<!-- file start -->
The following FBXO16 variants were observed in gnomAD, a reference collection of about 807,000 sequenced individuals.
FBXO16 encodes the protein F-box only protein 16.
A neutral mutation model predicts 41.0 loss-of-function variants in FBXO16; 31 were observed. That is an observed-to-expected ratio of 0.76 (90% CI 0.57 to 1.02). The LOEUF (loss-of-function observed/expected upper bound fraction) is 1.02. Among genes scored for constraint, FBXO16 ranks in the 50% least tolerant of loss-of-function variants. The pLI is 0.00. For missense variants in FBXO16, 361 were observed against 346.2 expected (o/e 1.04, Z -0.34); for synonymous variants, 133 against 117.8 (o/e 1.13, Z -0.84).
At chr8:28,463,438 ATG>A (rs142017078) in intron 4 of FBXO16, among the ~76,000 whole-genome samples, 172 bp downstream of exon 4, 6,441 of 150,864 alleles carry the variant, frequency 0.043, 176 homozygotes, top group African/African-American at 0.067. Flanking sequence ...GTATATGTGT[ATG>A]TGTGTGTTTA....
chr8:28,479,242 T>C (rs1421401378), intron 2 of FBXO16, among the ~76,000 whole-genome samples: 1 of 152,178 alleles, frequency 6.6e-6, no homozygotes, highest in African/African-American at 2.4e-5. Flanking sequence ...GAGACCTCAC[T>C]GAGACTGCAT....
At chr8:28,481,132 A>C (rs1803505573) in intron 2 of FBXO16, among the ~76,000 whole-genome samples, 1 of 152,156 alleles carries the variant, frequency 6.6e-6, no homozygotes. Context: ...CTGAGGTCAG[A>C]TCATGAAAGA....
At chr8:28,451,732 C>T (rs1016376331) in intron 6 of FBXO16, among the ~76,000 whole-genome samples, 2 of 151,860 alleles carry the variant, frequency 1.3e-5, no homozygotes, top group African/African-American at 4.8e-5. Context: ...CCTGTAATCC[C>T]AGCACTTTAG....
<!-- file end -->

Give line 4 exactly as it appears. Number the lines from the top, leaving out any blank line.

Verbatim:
At chr8:28,463,438 ATG>A (rs142017078) in intron 4 of FBXO16, among the ~76,000 whole-genome samples, 172 bp downstream of exon 4, 6,441 of 150,864 alleles carry the variant, frequency 0.043, 176 homozygotes, top group African/African-American at 0.067. Flanking sequence ...GTATATGTGT[ATG>A]TGTGTGTTTA....